|Ph.D Student||Dolev Alon-Rafael|
|Subject||Synthesis Characterization and Catalytic Activity of Pt|
Supported on Non-Hydrolytic Amorphous Alumina
|Department||Department of Chemical Engineering||Supervisor||PROF. Gideon Grader|
In the last decade a new Non-hydrolytic (NH) sol-gel route to obtain large surface amorphous alumina was developed. In this work the utilization of NH alumina as a catalytic support was studied. For naphtha reforming applications the most widespread catalyst is platinum supported on crystalline g-alumina (Pt/g-Al2O3). Therefore the synthesis and catalytic activity for n-pentane reforming of Pt/NH-Al2O3 were studied and compared to those of Pt/g-Al2O3 (commercial g-Al2O3) analogs.
Since the most common route for the introduction of active metals into the support is by impregnation using aqueous solutions, the effects of contact with water and several common organic solvents on the NH alumina were studied. It was found that contact with the organic solvents does not cause morphological changes in the NH alumina, whereas contact with water at room temperature (RT) causes dramatic morphological changes. After contact with water the crystallization temperature of the NH alumina to g-Al2O3 decreases from ~800oC to ~450oC which is a typical crystallization temperature of hydrolytic sol-gel derived aluminas. The water contact time scale required for significant low temperature crystallization is between several days and several weeks. The surface area (SA) of the alumina after subsequent calcination decreases if the water contact period is less than a week and increases if the water contact period exceeds a week. Increasing the water contact temperature accelerates the morphological changes. After less than 1hour contact with water at 70oC a complete phase transformation to g-Al2O3 at low temperature (~450oC) accompanied with increase in SA in obtained. These findings are explained by a dissolution re-precipitation process of the alumina. Upon contact with water the NH alumina dissolves and re-precipitates via hydrolytic route, which causes crystallization at low temperature.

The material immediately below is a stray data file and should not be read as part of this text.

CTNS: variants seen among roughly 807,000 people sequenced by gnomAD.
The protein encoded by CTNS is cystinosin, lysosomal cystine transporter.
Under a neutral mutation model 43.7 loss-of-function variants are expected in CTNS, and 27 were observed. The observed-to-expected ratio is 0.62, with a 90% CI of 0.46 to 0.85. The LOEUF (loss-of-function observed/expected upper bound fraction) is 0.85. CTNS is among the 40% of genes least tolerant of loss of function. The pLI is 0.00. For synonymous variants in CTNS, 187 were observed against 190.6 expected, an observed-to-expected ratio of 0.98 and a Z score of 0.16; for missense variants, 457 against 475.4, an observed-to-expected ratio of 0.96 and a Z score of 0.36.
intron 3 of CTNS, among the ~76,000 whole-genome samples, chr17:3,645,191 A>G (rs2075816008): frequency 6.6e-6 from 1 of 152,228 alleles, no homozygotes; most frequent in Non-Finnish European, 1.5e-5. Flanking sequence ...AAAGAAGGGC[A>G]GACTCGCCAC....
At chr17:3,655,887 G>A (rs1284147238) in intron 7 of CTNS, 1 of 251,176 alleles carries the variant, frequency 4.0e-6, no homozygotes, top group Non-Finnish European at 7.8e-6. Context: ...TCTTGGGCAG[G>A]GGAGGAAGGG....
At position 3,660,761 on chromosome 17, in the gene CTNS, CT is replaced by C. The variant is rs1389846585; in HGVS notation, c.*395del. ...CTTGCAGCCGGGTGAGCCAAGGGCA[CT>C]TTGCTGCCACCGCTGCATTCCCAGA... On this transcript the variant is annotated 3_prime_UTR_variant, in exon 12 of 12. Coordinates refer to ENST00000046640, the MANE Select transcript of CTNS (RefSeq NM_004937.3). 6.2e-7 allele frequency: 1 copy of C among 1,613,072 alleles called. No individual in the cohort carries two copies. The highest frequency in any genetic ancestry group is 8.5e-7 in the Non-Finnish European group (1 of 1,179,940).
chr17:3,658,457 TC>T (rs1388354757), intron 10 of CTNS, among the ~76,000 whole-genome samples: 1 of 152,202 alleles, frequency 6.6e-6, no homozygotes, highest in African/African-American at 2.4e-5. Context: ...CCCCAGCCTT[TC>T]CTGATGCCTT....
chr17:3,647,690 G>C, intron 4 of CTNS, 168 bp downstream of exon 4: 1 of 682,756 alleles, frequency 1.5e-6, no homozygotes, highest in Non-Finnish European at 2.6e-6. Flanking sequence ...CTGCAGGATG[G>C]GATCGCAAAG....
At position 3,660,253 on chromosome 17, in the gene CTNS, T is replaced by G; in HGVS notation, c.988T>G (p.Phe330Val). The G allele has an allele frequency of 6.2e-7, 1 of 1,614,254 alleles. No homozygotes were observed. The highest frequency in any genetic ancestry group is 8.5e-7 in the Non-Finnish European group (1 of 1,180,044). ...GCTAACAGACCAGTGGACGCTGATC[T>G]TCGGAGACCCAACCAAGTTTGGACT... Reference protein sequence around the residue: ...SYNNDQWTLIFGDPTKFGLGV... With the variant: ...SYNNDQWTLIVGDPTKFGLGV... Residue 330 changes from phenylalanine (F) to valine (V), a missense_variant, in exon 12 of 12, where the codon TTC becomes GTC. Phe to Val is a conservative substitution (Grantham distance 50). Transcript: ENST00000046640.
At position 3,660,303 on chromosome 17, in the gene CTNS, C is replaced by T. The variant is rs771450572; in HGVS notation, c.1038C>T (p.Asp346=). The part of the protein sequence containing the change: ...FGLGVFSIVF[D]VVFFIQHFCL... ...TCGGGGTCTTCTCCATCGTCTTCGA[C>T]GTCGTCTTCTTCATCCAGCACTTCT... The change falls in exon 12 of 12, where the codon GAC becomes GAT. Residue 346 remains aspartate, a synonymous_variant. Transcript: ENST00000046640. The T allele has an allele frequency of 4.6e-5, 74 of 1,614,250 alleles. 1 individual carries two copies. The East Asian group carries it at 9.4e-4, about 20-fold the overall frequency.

Impregnation of NH alumina with aqueous solution of H2PtCl6 fully leached the Pt from the solution; however relatively low Pt dispersion (15-20%) was obtained and the SA of the final catalyst after calcination was lower than the SA of the starting NH alumina. The decrease in SA area and the low Pt dispersion are caused by surface hydroxyls condensation which blocks the pores, and a dissolution re-precipitation process of the alumina which buries some of the adsorbed Pt on the surface. Impregnation of g-Al2O3 with H2PtCl6 results in full loading of the Pt from the solution, well dispersed Pt catalyst (~40%) and retention of the initial SA. Impregnation of NH alumina with platinum acetylacetonate [Pt(acac)2] solution in toluene results in full uptake of the Pt onto the alumina, moderate to well dispersed Pt (30-50%) and retention of initial SA. During impregnation of g-Al2O3 samples with Pt(acac)2, only partial Pt uptake was obtained. However, well dispersed Pt (~40%) and retention of SA were obtained. Alternatively to the impregnation methods, in-situ introduction of Pt precursor during the NH alumina gelation using organic solutions of PtBr4 or (C6H5CN)2PtCl2 were developed in this work. These in-situ methods yielded catalysts with full Pt uptake and a moderate (~30%) Pt dispersion.
In-spite of the high Cl content (~2.6% wt.) of the NH based catalysts, the Pt/g-Al2O3 catalyst exhibited higher conversions of n-pentane and higher selectivity to iso-pentane, than their NH analogs. Therefore it is concluded that the intrinsic Cl in the NH alumina has minor contribution to the acidity of the alumina compared to the acidity of g-Al2O3. However, the higher selectivity towards cracking products suggests of higher average acidity of the acidic sites on NH alumina.